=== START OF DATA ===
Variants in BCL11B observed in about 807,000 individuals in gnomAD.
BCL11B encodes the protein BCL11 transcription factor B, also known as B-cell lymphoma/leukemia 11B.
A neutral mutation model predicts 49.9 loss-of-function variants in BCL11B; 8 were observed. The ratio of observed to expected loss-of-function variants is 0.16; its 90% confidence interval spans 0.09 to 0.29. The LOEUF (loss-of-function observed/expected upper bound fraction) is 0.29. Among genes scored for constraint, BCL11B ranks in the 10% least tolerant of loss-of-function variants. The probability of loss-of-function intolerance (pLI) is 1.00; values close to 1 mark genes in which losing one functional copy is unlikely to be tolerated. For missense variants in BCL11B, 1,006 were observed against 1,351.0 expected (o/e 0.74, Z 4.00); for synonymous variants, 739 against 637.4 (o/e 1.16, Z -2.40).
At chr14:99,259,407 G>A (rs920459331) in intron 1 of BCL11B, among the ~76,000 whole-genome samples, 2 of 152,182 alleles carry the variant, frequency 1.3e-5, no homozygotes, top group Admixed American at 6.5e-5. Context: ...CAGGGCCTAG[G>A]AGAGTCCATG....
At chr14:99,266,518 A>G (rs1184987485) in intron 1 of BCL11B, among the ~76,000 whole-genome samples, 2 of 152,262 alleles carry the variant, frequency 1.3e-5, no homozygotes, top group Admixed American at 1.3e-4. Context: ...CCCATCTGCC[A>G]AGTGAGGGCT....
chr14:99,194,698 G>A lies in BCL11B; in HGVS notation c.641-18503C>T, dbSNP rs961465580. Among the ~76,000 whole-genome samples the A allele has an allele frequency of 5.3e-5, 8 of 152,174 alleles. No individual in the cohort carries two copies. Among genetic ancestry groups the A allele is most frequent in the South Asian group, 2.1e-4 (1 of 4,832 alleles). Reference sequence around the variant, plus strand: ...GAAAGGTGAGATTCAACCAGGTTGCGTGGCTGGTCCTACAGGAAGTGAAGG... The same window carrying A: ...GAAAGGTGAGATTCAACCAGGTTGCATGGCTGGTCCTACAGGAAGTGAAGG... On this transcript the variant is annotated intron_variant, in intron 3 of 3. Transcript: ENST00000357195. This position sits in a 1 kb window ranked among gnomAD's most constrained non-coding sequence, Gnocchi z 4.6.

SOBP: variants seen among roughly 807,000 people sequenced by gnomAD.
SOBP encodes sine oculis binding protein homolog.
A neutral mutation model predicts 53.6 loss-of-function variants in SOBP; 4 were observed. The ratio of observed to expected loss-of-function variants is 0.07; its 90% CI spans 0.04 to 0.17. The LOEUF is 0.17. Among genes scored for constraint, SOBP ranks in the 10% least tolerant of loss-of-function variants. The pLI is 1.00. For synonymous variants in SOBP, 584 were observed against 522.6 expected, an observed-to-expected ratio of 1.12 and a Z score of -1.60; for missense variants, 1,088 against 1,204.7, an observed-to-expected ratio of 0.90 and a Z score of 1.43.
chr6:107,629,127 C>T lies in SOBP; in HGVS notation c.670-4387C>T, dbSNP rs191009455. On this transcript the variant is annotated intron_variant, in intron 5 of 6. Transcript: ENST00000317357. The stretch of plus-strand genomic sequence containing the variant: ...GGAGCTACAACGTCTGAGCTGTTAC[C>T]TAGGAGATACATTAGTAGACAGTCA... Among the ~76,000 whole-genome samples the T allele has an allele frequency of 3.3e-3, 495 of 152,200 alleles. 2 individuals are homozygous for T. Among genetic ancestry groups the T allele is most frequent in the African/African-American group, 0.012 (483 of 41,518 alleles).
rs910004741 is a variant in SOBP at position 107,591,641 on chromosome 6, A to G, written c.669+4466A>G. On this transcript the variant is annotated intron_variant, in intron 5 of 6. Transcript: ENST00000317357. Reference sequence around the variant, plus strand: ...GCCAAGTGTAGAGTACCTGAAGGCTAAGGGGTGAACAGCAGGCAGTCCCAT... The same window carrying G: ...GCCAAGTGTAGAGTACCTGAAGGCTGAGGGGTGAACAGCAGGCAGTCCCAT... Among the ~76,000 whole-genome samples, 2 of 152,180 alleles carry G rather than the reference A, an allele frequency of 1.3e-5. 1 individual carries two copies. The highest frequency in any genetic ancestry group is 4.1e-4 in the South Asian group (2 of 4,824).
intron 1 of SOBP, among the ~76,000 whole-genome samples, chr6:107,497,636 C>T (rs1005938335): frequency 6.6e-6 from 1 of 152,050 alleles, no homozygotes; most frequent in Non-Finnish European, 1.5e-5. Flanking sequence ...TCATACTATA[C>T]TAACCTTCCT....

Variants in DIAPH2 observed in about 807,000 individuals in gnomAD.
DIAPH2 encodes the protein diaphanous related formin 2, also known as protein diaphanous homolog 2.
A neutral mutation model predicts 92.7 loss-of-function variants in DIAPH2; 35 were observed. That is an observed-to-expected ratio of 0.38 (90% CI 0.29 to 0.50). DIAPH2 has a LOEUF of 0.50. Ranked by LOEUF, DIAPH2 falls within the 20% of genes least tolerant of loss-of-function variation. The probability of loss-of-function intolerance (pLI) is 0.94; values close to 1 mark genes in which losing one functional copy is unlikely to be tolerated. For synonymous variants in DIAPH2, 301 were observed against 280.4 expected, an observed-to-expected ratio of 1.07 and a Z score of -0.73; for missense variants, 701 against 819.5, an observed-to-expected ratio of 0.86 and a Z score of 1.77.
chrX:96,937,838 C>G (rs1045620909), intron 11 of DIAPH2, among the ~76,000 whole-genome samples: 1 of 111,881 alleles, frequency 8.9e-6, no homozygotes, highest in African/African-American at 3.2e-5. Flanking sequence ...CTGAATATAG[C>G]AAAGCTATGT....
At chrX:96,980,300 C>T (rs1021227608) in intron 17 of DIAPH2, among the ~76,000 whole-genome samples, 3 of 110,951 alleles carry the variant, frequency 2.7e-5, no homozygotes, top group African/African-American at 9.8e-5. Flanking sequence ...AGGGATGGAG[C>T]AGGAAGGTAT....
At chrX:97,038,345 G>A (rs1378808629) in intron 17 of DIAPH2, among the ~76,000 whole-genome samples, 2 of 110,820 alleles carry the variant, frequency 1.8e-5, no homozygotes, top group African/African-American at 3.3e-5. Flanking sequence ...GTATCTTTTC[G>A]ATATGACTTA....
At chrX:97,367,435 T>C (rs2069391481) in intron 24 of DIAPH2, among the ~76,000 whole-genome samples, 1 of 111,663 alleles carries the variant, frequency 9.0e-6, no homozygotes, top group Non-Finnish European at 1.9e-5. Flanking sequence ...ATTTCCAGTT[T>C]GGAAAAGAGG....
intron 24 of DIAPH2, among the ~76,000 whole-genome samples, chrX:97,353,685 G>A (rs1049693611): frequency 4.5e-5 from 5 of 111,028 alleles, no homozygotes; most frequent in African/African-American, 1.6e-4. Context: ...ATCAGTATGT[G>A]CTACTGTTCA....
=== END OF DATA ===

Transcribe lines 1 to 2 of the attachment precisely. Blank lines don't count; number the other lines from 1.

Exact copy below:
Variants in BCL11B observed in about 807,000 individuals in gnomAD.
BCL11B encodes the protein BCL11 transcription factor B, also known as B-cell lymphoma/leukemia 11B.